There are no direct questions about the congregation that the worship leader is leading into worship.

One that could be added might be,
"In what way would you like to see the congregation grow in worship this year?"

Maybe, "What unsolicited comments have you heard from the congregation about different aspects of worship this past year?"

Some of the other questions could be rephrased to shift some focus onto the congregation such as, "What do you think the congregation would say your strengths/weaknesses/assets/liabilities are? This could accomplish 2 goals. First it could help keep the worship leader's focus on the congregation he is serving, and that can't be bad. Second, if the worship leader is more of an introvert (there are some leaders who are) he may have an easier time discovering things inside himself by answering questions that are deflected off another "surface" as introverts can have difficulty sometimes answering direct questions about their own ideas or feelings.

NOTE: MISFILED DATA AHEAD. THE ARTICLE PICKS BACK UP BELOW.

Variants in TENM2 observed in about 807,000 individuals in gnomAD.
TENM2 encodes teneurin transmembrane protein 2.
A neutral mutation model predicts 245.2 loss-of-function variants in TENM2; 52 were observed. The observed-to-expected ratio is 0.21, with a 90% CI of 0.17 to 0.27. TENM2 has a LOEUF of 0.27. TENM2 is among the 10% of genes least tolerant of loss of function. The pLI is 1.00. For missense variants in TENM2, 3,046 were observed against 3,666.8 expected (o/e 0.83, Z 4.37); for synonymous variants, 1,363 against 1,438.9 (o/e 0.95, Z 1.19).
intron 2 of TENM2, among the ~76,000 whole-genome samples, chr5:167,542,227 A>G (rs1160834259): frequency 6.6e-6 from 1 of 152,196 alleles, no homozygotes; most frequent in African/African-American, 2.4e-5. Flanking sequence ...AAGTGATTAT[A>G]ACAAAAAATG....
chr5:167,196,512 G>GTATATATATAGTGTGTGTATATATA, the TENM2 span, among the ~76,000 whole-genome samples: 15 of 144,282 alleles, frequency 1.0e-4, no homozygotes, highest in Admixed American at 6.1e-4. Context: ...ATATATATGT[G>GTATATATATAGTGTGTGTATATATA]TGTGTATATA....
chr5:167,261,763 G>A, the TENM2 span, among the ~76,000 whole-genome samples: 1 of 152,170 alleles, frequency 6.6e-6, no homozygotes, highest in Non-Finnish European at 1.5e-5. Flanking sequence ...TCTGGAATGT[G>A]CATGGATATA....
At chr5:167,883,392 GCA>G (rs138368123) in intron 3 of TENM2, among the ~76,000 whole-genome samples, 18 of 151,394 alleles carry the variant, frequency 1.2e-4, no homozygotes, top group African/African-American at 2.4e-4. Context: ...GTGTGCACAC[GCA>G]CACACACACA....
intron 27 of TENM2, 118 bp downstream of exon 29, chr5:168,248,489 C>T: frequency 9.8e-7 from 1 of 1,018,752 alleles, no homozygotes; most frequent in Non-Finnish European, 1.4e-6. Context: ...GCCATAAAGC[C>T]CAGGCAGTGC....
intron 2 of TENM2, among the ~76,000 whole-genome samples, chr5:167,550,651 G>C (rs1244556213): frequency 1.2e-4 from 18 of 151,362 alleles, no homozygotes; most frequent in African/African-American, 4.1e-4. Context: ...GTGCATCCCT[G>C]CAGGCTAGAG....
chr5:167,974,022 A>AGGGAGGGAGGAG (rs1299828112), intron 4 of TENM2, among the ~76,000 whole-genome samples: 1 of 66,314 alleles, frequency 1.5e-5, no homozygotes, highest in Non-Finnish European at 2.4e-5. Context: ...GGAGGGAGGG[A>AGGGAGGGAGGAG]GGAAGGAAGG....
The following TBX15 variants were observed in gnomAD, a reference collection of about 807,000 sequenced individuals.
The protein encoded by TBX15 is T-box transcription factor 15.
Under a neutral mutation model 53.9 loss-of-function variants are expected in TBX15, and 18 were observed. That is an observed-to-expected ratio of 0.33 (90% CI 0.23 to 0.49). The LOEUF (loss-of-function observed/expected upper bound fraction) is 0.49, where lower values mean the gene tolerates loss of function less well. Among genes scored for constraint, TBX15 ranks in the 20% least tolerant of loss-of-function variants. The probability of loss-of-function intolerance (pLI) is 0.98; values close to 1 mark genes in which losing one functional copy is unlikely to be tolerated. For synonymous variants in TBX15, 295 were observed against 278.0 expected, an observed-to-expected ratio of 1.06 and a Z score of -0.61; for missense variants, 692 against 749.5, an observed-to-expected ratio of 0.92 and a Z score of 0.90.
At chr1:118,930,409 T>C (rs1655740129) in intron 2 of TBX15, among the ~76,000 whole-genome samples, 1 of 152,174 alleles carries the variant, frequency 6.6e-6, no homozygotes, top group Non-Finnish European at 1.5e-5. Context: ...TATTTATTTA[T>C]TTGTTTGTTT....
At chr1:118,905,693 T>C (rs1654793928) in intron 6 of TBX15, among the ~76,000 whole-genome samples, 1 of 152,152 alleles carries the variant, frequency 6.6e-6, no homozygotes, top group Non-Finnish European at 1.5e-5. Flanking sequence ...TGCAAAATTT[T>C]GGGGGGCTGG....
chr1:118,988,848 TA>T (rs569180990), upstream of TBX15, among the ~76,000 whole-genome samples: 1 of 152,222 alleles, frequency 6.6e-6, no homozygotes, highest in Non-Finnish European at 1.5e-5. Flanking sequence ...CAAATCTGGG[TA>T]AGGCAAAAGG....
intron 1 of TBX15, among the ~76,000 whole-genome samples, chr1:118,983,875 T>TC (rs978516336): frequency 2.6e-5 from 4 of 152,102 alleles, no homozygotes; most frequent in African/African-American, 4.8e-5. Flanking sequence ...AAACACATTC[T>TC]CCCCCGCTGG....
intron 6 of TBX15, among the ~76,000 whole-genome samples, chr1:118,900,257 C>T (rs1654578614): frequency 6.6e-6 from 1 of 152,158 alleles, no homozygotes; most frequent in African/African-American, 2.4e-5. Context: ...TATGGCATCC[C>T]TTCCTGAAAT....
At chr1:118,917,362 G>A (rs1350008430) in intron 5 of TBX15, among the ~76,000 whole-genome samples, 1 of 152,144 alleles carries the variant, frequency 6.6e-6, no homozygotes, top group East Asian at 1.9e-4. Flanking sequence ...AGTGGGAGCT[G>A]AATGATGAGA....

Another angle of questioning that could give a different perspective to self examination would be questions about what the worship leader is thinking and feeling about God's view of his congregation. "What themes of worship have you felt God has taken you and/or the congregation through this past year?" "What themes do you feel God wants to take you and/or your congregation through this next year?" "Are there any expressions of worship that you feel God may want you and/or your congregation to discover this year?"